The PKK has to this day not been in direct armed conflict with the Assad regime and the Assad regime still maintains a military presence in some PKK controlled areas. The roots of this arrangement can be traced back to the above relations developed during the Cold War between the PKK, Syria and the then Soviet Union. The other likely reason that the PKK did not direct its resources against the Assad regime in the first days of the uprising was that it remained comparatively weak from a military and political standpoint. Instead of fighting, it instead used the time to strengthen its organization. It was also not important to the PKK whether the Sunni rebels or Assad would win in the civil war. According to the PKK’s political calculation, if Assad won, the PKK would reap the rewards of its implicit cooperation. However, if the Sunni Arabs won, the PKK calculated that by then it would have grown strong enough to defend its interests.
From the first days of the Syrian uprising, however, the PKK fought against any other Kurdish groups that might have opposed it in the area where it intended to establish its authority. These other Kurdish political organizations numbered around 14, including some that had been largely inactive for some time. During this initial period, the PKK’s greatest opponent in this race for the leadership of the Syrian Kurds was Masoud Barzani, the leader of the Kurdistan Democrat Party (KDP) in Iraqi Kurdistan, whose bid for the leadership of the Syrian Kurds was supported by Turkey. Gradually, however, Barzani lost out to the PKK in this competition.
The Kurds compose a local majority in three areas in northern Syria, Jazeera, Kobane and Afrin. The PKK viewed these areas from the perspective of military geography and tried to broaden the areas under their control in to make them more military defensible. While the civil war was going on, the PKK declared these three unconnected areas to be its “cantons” and sent many of its men from Iraq to these cantons to provide military and administrative support (Hurriyet Daily News, January 29). Knowing that Sunni Arabs would become militarily engaged against Assad’s largely Shi’a forces, the PKK took the opportunity to drive them out of some of their villages and towns. That some of these Arabs had already fled for Turkey made the PKK’s job all the easier. But in the months ahead, a great part of the Sunni Arabs from these areas came to support the Islamic State organization, also known as the Islamic State of Iraq and Syria (ISIS), which by then was fighting the PKK.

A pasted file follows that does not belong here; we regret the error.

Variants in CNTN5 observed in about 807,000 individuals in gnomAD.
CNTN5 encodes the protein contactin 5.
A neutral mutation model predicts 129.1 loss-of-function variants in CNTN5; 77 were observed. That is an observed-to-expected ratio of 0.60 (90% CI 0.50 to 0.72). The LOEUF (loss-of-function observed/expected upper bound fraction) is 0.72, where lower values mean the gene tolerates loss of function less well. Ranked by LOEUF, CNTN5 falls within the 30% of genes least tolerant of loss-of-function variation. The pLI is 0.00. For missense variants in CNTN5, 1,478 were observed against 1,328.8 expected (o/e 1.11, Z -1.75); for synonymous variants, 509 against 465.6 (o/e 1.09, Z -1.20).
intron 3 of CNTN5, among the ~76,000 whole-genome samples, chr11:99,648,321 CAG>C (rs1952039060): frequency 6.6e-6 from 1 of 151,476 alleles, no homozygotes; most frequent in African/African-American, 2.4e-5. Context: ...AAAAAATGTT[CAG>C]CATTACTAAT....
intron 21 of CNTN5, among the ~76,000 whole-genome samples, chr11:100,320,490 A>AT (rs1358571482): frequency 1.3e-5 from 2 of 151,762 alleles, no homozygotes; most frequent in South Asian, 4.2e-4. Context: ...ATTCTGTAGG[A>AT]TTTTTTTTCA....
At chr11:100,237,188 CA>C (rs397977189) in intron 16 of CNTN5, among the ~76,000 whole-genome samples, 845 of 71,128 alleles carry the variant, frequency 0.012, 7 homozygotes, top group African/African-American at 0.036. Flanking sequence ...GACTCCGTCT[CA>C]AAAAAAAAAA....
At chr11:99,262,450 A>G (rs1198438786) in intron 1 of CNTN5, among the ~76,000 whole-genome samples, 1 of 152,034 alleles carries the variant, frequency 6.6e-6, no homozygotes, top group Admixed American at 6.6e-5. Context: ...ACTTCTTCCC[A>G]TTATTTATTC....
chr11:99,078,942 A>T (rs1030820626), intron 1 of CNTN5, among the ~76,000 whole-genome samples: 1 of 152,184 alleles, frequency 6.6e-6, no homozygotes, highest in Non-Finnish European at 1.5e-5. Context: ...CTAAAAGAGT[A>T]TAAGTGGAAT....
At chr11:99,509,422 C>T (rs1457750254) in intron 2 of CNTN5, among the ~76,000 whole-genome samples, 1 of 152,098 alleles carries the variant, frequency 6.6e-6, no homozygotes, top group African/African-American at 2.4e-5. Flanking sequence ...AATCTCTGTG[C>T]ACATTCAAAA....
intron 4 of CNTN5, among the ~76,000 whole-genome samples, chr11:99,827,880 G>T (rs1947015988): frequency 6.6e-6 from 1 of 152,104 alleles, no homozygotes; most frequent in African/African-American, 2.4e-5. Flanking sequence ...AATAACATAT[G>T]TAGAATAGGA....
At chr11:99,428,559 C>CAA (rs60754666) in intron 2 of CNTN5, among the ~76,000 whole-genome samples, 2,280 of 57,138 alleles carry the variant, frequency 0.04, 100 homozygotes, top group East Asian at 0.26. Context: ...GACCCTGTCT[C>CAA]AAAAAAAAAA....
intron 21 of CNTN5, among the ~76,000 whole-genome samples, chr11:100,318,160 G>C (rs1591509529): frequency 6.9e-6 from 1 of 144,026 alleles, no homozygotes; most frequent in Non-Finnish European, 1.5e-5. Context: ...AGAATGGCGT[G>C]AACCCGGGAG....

Despite the above, Syria and Syria’s Kurds do not constitute the main strategic political priority for the PKK as the Syrian front remains of secondary importance to the group. For the PKK, the primary strategic battlefield is Turkey. However, the Syrian civil war offered the PKK unexpected opportunities and has created the following benefits for the group. Firstly, the war enabled the PKK to expand and develop its military capacity. Second, the PKK gained legitimacy in the international arena and won new support. Third, the decline of the Syrian regime gave the PKK geopolitical depth along the Turkish border. Fourth, the PKK gained cross-border military logistical options from inside Syria. Lastly, the PKK is also obtaining experience in political governance through its Syrian cantons.
The Rise of Islamic State
The Islamic State’s occupation of Mosul in June was a turning point for the PKK, which, in the immediate term, caused it to cease fighting inside Turkey in order to consolidate its control over its Syrian cantons. Meanwhile, as a result of the rapid defeat of the Iraqi Army by Islamic State fighters, Barzani’s military force, the peshmerga, quickly left the Mosul area (E-Kurd, August 6). Only a few PKK militants remained in the region to defend the Kurds, including the Yazidis. The PKK’s defense of these civilians led to the PKK being seen more positively by Kurds, as well as by the Western media. The PKK was now viewed as an ally of the West against the Islamic State.
Soon afterwards, Islamic State forces attacked Kobane, a Syrian canton under PKK control. By attacking the isolated canton, the Islamic State aimed to disrupt the positive view of the PKK, to win the support of local Arabs who had been displaced by the Kurds and to take advantage of the fact that the United States was not then using Syrian air space (in contrast to Iraq). Attacking Kobane also allowed the Islamic State organization to legitimize its jihadist ideology by fighting the Marxist/Leninist PKK and to gain the sympathies of the Turkish public, which are broadly anti-PKK. In the days following the jihadists’ attack, about 200,000 Syrian Kurds left their homes to take refuge in Turkey (Rudaw, September 20).